The National Library of China was active in compiling and revising cataloging standards and rules in the past several years.
In cooperation with other major libraries in China, NLC staff revised the Descriptive Cataloguing Rules for Western Language Materials, which is a Chinese counterpart to AACR2 and was original published in 1985. The revised and expanded edition was published in 2003.
During 2001-2003, the National Library of China organized an editorial committee to revise the UNIMARC-based CNMARC Manual (Bibliographical Format) to replace the original edition as a standard of the Ministry of Culture published in 1996. In the revised edition, some fields not used in China have been deleted and some locally defined fields for Chinese materials have been added. The revised edition was published in 2004, and will become a national standard in a couple of years.
In 1996, the first edition of Chinese Cataloging Rules was published. It was the first of its kind in China and has played an important role in the standardization of library cataloging practices in China. However, the old edition was not sufficiently discussed before its publication, and used quite a lot of Chinese practices not compatible with internationally accepted standards and rules. In 2002, NLC began to organize a revision committee composed of NLC staff and experts from other institutions. The revised edition was published in 2005. During the revision, there were quite a lot of controversies mainly focused on the internationalization and Chinese local characteristics. Anyway, the revised edition has make remarkable progress in the internationalization, although we still have much to do in the future. With the development of the compilation of AACR3/RDA, I think, we will consider another revision in the future.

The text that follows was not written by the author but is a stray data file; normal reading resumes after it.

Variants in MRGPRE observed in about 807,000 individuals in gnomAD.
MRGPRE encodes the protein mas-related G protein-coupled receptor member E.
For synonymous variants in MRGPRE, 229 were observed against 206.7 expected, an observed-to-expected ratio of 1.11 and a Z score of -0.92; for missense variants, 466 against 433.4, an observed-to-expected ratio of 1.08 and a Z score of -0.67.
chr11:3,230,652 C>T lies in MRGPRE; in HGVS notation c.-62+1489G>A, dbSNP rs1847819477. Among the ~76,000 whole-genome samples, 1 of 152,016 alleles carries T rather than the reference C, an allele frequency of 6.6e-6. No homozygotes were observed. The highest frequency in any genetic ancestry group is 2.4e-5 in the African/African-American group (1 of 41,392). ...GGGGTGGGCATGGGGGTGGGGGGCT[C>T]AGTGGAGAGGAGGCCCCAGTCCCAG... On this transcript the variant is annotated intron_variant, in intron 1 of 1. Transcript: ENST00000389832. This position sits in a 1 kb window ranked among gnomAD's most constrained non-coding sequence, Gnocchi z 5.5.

NLC is also compiling a user's manual of MARC21, which is expected to be published in July 2005. Although there is a Chinese manual for the USMARC bibliographical format, there have been neither Chinese translations of MARC21, nor a Chinese manual for MARC21 before. This MARC21 format manual will include bibliographical format and authority format. Together with the manual for holding format published in 2003, there will be three Chinese manuals for MARC21.
In China, libraries use two MARC formats, i.e. MARC21 and CNMARC. Most small-sized libraries use UNIMARC-based CNMARC for all materials. For large-sized libraries that have sizable collections in foreign languages, they prefer USMARC/MARC21 to CNMARC with the consideration of international compatibility and easy record downloading. Therefore, both CNMARC and MARC21 user manuals will be important tools in cataloging.
NLC librarians are also paying attention to the recent developments of FRBR researches, the revision/compilation of AACR3/RDA and issues related to metadata. I think there will be more results to come in the near future and the practices of cataloging and resource description in NLC will develop in a better way.
SCATNews : Newsletter of the Standing Committee of the IFLA Cataloguing Section, ISSN 1022-9841, Number 23 (June 2005), p. 10-11.
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